Last night we welcomed Tom Savage to Australia and launched his solo show Loves Notes From the West.
MEDIA RELEASE - FOR IMMEDIATE RELEASE
Brisbane, Australia, 3rd June 2017.
TWFINEART in Fortitude Valley presents LOVES NOTES FROM THE WEST featuring paintings by Californian artist Tom Savage in a stunning presentation open to the public from June 14 through to July 10, 2017.
Following great success in the United States, with his works included in many prestigious collections, including LACMA, the Tucson Museum of Art, and the Arizona State University Museum in Tempe this is Tom’s first solo show in the southern hemisphere, and he will be making his way from California for the opening week.
Los Angeles Times art critic David Pagel reviewed Savage's solo exhibition at the Cirrus Gallery, describing the artist's works as "raw, incoherent, precarious and daring. At the same time, they're confident and desperate, riddled with deep doubts but also profoundly self-assured."
Love Notes From The West will present two medium and four large format paintings that will shock, surprise and morph from meandering messiness to elegant magnificence. On superficial viewing, the canvases are confronting, almost violent, but after time, dissolve into a plethora of indeterminate possibilities. In the words of Dan Leach, one of Savage’s biggest collectors, “this guy teaches me to see.”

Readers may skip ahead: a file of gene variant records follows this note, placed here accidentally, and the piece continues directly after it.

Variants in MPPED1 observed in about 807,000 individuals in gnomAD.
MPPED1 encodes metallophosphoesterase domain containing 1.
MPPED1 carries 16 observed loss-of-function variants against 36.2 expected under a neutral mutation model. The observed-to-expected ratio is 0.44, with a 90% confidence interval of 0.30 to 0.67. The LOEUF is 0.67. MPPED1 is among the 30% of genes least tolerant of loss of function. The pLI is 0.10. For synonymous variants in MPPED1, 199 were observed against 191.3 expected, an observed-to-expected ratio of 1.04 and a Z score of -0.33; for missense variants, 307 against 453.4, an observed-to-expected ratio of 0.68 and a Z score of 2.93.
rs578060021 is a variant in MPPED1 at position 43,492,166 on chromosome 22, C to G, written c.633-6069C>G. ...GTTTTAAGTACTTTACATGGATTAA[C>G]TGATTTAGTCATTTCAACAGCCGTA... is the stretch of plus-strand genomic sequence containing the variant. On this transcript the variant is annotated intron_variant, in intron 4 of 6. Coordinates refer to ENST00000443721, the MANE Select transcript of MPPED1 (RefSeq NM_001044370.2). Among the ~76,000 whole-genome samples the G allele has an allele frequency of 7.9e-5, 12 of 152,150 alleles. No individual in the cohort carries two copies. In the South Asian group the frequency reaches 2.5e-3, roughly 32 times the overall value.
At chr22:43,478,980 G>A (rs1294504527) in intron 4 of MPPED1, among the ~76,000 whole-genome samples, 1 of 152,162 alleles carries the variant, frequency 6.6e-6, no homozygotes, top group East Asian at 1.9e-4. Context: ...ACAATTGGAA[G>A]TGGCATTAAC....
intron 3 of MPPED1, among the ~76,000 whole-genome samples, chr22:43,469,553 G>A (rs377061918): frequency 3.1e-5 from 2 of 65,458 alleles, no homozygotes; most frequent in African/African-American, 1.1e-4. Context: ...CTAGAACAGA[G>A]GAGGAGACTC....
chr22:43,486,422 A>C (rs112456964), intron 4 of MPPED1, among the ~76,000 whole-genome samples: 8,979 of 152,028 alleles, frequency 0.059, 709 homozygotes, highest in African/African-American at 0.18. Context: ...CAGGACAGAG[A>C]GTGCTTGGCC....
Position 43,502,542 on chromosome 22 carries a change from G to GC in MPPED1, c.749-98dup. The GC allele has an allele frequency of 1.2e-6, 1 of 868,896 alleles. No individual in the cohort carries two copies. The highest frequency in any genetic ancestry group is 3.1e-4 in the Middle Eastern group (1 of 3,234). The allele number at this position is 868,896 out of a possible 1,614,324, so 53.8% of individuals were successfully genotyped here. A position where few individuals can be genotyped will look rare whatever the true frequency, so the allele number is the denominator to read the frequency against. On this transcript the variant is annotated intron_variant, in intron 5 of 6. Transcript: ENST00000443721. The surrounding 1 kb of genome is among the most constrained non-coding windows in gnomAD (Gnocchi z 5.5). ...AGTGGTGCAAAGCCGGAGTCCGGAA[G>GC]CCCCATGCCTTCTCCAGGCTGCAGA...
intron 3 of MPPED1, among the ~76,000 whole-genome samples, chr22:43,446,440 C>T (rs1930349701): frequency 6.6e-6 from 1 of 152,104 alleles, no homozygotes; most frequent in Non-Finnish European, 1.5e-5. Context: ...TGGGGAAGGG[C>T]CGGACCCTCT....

ABOUT Tom Savage
Tom Savage (born November 28, 1953) is a contemporary American painter based in California whose work appears in museum collections and has been exhibited in major cities throughout the United States. His abstract paintings and drawings take a historical cue from post-war European automatism and surrealism, and the influence those movements had on abstract expressionism.
The primal, unconscious and disharmonious nature of Savage's technique, which the artist himself has described as the antithesis of that of regionalist painter Thomas Hart Benton, has proven an interpretive challenge for critics.
National west coast contemporary art review Artweek, critic Peter Kosenko characterized Savage's paintings as "abstract and generally impressionistic, but they nonetheless resist placement within the traditions of abstract expressionism as codified by formalist criticism, for they display little of the angst-ridden struggle with paint or the preoccupation with the sublime that often characterize the strategies of the genre."
Critic David DiMichele of the Los Angeles Downtown News, noted Savage's use of unprimed canvas and "thinly applied traceries," wrote that the artist's style is "marked by a pronounced sense of restraint.... Emphatically abstract, his work seeks to preserve something of the initial excitement that occurs when an artist first puts brush to canvas."
Revisiting Savage's work at the exhibition Transcendental Meditations at the William Turner Gallery in Venice, California, Los Angeles Times critic David Pagel observed that the artist's "inarticulate markings, crudely painted and scrawled on raw canvas, share more with children's drawings than with any desire to leave this world behind."